Distractedness


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Dis`tract´ed`ness


n.1.A state of being distracted; distraction.
References in periodicals archive ?
The premise of Crawford's book is that our distractedness is merely symptomatic of a deeper cultural defect, a misrepresentation of the self that has permeated our society.
A Dialogue with Solitude is a book haunted by loneliness, unknown women, the anguish of missed crossings, and by distractedness (what we might now call "dissociation").
Attention can become fatigued, and the symptoms of attention fatigue are lowered effectiveness, increased distractedness, and irritability.
Besides, his distractedness then and elsewhere meant she, too, could be by herself and with him at the same time.
Full distractedness of mind is a near complete regression into primary process or the simple succession of materials from the pit of images.
The Nazi statement read: "A letter which he left behind unfortunately shows by its distractedness traces of a mental disorder, and it is feared he was a victim of hallucinations.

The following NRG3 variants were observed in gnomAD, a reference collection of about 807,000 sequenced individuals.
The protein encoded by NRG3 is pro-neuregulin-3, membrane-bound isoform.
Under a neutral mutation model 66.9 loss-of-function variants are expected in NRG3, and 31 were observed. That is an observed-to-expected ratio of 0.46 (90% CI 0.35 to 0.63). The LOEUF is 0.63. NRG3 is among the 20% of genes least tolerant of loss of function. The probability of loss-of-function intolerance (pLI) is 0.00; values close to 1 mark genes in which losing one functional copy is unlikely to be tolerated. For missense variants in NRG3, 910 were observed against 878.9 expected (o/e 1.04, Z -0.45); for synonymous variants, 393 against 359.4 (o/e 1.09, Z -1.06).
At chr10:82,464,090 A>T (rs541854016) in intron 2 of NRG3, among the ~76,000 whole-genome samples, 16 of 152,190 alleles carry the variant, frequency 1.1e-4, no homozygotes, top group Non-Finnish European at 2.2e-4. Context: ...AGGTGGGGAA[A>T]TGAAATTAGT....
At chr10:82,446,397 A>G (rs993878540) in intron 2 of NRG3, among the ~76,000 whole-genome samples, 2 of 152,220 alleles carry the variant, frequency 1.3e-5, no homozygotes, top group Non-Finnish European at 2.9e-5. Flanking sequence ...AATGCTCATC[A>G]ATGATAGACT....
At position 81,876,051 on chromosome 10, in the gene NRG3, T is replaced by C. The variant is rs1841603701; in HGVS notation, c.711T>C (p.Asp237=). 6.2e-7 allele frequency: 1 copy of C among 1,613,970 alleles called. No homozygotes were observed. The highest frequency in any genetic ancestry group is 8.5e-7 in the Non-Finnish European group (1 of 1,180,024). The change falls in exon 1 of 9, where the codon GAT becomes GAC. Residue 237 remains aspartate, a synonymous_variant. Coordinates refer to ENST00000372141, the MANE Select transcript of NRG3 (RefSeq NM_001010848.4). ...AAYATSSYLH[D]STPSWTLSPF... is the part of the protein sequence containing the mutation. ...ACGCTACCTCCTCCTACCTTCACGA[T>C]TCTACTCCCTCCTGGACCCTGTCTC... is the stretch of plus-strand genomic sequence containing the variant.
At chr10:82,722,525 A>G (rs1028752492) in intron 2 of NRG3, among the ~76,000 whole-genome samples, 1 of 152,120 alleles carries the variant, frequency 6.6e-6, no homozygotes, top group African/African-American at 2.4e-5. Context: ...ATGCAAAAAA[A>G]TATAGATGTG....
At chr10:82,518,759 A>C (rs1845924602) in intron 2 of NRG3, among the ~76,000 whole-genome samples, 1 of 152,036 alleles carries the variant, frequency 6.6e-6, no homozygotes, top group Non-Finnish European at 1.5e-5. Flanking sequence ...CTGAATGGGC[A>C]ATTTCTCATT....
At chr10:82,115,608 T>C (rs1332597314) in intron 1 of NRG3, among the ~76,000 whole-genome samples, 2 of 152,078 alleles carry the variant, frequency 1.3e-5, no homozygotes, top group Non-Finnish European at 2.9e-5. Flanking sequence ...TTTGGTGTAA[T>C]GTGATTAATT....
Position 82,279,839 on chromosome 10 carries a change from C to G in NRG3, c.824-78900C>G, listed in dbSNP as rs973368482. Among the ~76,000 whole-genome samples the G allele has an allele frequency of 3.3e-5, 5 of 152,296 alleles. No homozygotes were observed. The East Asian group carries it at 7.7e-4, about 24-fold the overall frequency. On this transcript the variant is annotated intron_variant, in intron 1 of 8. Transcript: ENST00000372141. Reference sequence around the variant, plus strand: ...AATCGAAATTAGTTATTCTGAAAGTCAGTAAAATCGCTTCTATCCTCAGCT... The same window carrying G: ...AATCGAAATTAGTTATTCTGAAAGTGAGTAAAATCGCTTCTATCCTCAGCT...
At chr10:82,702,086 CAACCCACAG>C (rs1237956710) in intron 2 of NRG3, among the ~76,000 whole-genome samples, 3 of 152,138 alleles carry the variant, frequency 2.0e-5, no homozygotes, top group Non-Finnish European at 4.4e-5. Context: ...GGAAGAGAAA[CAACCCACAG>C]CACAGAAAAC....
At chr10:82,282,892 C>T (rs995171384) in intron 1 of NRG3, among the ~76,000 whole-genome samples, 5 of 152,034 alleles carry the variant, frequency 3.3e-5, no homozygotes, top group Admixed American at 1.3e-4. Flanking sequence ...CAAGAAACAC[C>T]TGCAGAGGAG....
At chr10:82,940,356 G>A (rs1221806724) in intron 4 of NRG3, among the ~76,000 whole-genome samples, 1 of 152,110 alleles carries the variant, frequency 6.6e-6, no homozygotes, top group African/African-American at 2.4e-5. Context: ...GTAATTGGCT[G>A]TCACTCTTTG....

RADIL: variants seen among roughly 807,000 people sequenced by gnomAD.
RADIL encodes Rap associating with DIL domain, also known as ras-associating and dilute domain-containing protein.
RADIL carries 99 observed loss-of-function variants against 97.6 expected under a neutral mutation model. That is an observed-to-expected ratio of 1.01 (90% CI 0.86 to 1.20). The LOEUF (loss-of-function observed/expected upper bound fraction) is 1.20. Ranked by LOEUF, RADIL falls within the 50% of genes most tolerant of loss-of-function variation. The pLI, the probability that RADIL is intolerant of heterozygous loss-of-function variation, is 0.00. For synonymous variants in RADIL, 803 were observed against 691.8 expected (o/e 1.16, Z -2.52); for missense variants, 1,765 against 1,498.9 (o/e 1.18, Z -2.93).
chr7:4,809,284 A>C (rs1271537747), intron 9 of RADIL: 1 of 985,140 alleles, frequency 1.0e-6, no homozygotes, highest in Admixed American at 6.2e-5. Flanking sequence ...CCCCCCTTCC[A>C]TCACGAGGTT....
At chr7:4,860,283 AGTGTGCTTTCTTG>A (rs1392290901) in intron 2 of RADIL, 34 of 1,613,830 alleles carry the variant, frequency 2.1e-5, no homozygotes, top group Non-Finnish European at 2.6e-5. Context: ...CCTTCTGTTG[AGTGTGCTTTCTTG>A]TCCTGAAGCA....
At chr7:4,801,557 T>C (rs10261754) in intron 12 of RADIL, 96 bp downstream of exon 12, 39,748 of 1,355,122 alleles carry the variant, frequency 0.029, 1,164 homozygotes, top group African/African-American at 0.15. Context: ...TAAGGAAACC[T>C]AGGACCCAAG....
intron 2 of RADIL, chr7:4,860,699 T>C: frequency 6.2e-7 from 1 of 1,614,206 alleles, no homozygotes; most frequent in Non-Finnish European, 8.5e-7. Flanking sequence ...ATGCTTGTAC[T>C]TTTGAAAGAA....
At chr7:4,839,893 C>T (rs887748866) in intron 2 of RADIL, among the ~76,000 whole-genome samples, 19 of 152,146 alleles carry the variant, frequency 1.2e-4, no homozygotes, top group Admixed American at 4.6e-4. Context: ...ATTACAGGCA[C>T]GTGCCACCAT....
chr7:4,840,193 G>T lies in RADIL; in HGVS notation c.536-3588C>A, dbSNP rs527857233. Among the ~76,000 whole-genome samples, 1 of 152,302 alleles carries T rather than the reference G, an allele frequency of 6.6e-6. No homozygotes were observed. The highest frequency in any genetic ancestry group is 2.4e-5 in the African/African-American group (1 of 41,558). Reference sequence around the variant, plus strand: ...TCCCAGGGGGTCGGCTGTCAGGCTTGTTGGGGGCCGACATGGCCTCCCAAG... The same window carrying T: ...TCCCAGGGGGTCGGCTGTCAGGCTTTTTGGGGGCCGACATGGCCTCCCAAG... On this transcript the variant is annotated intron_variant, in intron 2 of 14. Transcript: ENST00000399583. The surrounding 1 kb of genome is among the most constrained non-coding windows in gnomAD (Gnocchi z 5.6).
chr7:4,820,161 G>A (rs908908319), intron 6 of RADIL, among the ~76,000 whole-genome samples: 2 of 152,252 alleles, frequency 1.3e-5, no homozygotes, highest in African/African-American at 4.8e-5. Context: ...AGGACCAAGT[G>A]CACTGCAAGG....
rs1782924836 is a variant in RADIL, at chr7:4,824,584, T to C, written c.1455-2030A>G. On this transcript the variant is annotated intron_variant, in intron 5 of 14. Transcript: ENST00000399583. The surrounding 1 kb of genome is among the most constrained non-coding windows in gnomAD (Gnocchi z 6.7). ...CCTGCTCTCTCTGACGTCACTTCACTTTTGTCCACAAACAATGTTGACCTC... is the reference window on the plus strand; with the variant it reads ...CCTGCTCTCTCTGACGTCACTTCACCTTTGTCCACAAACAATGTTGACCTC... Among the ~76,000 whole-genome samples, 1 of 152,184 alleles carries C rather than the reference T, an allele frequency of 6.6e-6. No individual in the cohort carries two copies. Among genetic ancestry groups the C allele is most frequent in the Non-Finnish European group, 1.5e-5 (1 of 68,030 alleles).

It would be a common experience, I believe, even for seasoned meditators, to find themselves spontaneously phasing in and out, as it were, of a state of absorption or composure to distractedness or restlessness and vice versa.
7) It also differs significantly from the emphasis on distraction that we find a century later, in Walter Benjamin's characterization of modernity's "[rjeception in a state of distraction," since the poet is primarily interested in the moment of relaxation, of turning away, rather than in a sustained state of distractedness.
For instance, the inappropriate use of their allowances by some senators has called into question the very existence of the Upper House, whereas when MPs commit similar offenses, their distractedness is rightly condemned but without any claim to abolishing the House of Commons.
Gytis Barzdukas, senior director of Mozy product management, attributes this phenomenon to our distractedness during the transition from work to nighttime activities, which "creates the perfect environment for loss.
I bring it up today, because I think the age of distractedness has crept into running like it has had deadly affects on driving.
Social networks, while pleasurable and fun, increase distractedness by bombarding users with brief bits of information.